After a spring that brought intense flooding to parts of Quebec, Ontario and New Brunswick, the warning sirens about the already very real risks of climate change are going off again, with municipalities across the country requesting government funding to address flood resilience.
The topic of flood risk was hard to avoid during a fireside chat between the Insurance Brokers Association of Canada (IBAC) CEO Peter Braid and the Insurance Bureau of Canada (IBC) CEO Don Forgeron at the Insurance Brokers Association of Alberta’s (IBAA) 2019 convention.
“This issue represents another huge opportunity [for] IBC and broker associations to collaborate to ensure that Canadians are better served in terms of getting flood coverage, if they’re eligible,” said Braid, adding that more clarity around the overland flood product is needed within the broker channel. “There’s still some confusion [and] some frustration about the fact that flood products vary significantly between insurance carriers. Insurance carriers use different proprietary flood mapping software, so a house may be eligible with one carrier but not another, and after the devastating floods we’ve seen across the country in the last few weeks, this has to be a huge opportunity for us to better serve our communities, our consumers, and Canadians.”
Nonetheless, there are big-picture obstacles in the way of communicating the risk of flooding to Canadians, explained Forgeron, such as the relatively short-term memories of people when they’re hit with a weather-related catastrophe, as well as government leaders’ inconsistent messaging around the need to rebuild communities with future flooding in mind.
“We do need to do things differently going forward, but we have a flood product now that five years ago we didn’t have,” he said, adding that the same problem around flooding comes up every year, which is how you insure properties in this risk’s line of fire. “You need to come up with ideas for that, and we’ve got to raise the level of awareness with Canadians, [though] there’s some excellent work being done at the national level [and] I do think we’re inching closer towards a national flood program,” thanks in part to the ongoing work of the Minister of Public Safety and Emergency Preparedness, the Honourable Ralph Goodale, in keeping flood top of mind with government leaders, communities, and other stakeholders.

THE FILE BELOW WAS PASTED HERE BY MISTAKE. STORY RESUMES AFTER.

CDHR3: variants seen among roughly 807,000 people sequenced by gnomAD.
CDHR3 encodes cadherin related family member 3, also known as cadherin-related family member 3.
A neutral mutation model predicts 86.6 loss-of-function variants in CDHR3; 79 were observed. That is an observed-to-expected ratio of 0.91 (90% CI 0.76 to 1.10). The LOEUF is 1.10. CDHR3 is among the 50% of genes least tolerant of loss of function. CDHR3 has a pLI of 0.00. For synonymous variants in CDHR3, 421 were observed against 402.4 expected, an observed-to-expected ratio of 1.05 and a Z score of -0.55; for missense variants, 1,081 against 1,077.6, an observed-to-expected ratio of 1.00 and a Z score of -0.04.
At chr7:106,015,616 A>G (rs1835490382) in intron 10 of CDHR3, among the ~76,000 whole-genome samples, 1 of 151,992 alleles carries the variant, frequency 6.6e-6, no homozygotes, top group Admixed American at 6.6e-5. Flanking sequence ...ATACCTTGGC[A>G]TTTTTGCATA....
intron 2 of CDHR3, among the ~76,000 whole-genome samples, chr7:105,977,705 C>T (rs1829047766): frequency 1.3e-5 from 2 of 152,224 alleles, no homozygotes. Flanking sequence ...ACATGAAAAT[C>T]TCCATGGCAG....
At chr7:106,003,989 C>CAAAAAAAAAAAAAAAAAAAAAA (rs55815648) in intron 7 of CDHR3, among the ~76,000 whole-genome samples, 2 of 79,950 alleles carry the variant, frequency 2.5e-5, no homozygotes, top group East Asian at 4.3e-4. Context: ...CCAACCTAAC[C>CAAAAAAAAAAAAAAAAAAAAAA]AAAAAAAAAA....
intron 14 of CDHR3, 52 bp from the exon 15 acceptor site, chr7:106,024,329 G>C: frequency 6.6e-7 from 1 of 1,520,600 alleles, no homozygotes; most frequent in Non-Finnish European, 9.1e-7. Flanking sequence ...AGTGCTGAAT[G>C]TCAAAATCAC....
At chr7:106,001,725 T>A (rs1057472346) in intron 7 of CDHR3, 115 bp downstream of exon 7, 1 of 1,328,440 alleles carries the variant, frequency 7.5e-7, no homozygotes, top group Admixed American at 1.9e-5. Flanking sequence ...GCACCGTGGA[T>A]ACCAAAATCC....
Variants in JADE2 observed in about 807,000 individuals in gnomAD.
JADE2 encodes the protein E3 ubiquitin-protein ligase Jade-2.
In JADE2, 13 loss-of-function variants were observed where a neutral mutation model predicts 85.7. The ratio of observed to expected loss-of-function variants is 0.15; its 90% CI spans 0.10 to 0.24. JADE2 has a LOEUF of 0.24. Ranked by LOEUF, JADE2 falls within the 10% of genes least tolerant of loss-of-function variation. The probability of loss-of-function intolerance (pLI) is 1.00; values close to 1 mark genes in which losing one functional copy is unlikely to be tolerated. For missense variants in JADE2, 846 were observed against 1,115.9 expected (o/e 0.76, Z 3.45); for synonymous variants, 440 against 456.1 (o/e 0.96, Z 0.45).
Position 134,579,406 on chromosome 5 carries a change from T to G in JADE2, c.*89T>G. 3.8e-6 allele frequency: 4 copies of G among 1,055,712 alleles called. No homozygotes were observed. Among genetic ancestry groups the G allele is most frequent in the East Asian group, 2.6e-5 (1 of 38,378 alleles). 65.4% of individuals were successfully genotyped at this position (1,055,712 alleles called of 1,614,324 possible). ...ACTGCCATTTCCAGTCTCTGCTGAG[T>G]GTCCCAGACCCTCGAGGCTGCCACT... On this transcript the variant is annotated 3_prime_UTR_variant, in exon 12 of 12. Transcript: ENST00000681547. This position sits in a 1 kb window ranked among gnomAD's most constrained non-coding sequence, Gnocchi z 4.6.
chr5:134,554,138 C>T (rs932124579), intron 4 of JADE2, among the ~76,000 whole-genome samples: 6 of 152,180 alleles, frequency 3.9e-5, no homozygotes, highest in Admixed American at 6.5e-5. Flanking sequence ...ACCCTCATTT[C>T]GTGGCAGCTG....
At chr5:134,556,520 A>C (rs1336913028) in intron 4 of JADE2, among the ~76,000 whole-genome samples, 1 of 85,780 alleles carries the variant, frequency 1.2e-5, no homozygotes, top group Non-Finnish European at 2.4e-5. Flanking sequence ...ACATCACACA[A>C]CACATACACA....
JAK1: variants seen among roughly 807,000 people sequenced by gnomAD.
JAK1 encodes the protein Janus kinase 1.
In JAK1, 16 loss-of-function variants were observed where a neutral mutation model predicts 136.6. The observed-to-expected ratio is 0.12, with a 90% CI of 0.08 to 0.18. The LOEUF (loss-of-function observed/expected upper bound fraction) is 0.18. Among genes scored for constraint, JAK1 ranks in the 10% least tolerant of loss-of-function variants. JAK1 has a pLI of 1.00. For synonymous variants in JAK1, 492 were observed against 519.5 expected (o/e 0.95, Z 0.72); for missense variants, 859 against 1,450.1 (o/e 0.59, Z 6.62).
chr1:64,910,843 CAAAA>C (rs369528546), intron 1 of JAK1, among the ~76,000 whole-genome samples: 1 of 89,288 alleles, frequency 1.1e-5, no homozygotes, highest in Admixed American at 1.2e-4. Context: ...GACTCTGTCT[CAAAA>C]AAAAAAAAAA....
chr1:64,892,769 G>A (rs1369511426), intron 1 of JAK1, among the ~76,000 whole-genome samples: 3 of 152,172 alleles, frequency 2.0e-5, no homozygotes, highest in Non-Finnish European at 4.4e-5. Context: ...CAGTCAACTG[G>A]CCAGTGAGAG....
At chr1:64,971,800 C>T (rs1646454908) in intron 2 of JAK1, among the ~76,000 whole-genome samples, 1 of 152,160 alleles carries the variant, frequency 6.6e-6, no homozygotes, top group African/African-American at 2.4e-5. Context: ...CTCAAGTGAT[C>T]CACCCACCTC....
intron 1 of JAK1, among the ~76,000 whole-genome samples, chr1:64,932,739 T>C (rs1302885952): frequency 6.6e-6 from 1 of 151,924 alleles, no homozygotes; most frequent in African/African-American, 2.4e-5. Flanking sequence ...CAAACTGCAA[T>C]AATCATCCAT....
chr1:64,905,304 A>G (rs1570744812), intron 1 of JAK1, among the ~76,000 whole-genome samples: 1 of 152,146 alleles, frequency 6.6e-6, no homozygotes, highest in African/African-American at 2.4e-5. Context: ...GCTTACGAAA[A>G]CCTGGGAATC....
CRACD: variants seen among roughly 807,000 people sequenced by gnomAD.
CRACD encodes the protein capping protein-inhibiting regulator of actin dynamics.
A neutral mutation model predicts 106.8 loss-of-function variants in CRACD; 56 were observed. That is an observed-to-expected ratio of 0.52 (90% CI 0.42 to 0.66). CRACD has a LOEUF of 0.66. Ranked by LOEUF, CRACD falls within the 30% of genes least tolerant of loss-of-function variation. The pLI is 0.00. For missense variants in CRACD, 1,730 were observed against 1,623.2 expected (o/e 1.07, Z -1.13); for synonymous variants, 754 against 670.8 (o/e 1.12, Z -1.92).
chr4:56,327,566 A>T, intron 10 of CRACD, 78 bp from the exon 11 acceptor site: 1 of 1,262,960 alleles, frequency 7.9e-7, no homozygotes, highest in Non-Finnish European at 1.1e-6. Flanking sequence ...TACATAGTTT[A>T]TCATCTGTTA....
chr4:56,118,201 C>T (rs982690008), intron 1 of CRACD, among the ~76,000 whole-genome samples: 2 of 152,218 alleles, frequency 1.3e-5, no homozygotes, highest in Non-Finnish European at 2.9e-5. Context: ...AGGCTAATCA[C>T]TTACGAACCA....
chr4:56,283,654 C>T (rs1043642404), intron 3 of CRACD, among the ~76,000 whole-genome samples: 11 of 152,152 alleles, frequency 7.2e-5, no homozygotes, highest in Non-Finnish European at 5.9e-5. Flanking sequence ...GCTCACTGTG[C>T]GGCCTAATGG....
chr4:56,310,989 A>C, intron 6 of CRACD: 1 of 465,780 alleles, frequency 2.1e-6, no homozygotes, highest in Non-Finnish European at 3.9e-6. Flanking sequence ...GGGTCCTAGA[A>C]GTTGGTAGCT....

When it comes to the evolution of flood insurance, the Canadian insurance industry could learn a thing or two from Australia, where the federal government tasked insurers with determining a common definition of flood for insurance policies, or else the government would do so, according to Forgeron.
“There always will be competition, [and] there always should be competition. Companies want to differentiate themselves from their competitors – if they want to offer a better price, if they want to offer more coverage,” Forgeron told the audience. “It is a free market system, but there’s probably a box that the industry someday will play in.”
The role of brokers is likewise critical as flood insurance develops to better protect policyholders.
There are still questions around “the consistency of coverage, what constitutes a flood, what’s covered, what isn’t covered, how much is covered and so on,” said Forgeron, pointing to a story about one broker who was frustrated with the variations in coverage within one community. “That’s an issue that we need to deal with, and we get that directly with the feedback from brokers.”